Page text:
Trump's failure to get an endorsement from the Republican speaker, Paul Ryan, is unprecedented. In fact, the pair now seems to be in a cold war. Having sealed the nomination, this is the point where Trump is supposed to start making reconciliatory noises with his party's establishment. Instead, through either lack of impulse control or blind ambition, he now seems to have set his sites on Ryan. It's breathtaking gal. While it's possible to see Trump winning the White House given the celebrity factor and his Winston Peters-eque skills for harnessing anger at politics-as-usual, attempts to marginalise Ryan and other establishment figures (for example, by pushing forward with his threat to push Ryan out of the chairman's role at the convention) will lead to a guaranteed split, and tears.

After a piece of legislation passes Congress, it has to go to the President to be signed (or veto).

Then, there's a potential third stage: the Supreme Court can challenge if a bill fits the US Constitution. And remember the recent death of Justice Scalia means (if Republican attempts at stalling fail), Obama can install a liberal Justice for a 5-4 liberal majority. On the off-chance Trump gets a bill through Congress for the mass deportation of 11 million people, or restricting entry to the country based on religion or ethnicity, the Supreme Court will shoot it down in flames.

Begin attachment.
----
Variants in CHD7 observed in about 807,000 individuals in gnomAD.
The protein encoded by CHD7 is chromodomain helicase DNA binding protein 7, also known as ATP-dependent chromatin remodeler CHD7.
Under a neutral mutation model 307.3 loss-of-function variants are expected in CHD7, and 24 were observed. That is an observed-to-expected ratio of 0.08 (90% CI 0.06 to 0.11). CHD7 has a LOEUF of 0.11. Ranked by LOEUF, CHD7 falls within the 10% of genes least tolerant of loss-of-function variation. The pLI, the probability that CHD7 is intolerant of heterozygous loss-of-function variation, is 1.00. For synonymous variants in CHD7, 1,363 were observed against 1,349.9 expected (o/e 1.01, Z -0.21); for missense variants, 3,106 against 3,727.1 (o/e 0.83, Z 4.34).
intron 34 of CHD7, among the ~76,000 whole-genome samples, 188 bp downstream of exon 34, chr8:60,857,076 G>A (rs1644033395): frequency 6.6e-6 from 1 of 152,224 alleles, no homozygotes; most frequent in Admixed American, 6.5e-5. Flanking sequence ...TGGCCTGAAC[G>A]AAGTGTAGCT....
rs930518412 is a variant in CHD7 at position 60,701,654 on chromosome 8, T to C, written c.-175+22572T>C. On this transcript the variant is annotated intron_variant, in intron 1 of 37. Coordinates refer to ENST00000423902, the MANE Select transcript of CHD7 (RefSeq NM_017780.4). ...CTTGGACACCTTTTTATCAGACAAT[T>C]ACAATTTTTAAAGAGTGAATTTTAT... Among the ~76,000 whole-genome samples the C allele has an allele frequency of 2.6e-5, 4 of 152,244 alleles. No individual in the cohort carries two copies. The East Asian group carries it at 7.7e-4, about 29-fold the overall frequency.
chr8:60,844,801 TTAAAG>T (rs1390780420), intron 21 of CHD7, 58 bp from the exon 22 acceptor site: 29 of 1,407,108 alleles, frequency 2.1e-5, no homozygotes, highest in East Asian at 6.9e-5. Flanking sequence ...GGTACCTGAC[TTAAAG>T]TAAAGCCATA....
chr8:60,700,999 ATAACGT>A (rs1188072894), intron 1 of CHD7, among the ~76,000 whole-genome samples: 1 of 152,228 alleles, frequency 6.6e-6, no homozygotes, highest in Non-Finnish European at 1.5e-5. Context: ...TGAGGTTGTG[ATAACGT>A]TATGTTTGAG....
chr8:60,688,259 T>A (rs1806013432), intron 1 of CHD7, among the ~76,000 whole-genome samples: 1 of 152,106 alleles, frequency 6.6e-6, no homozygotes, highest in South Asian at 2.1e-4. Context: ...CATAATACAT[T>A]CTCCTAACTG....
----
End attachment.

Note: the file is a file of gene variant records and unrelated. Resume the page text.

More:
The operative words will be gridlock, and status quo.

2. Trump trade policy effect on New Zealand: Nothing

If the Trans-Pacific Partnership agreement doesn't make it to a ratification Congress until after Trump enters office, Trump will exercise his power of veto. Que sera, sera. We have no TPP now, and with Clinton also promising to veto it and Congress going cold on trade deals, it's already dead in the water (the TPP requires ratification from countries representing 80% of the GDP of original signatories to come into effect. That means no US ratification, no TPP).

Maybe this will be a good thing, ultimately sparking a new deal that might actually give Fonterra meaningful access to US markets, and take a progressive approach on issues like copyright.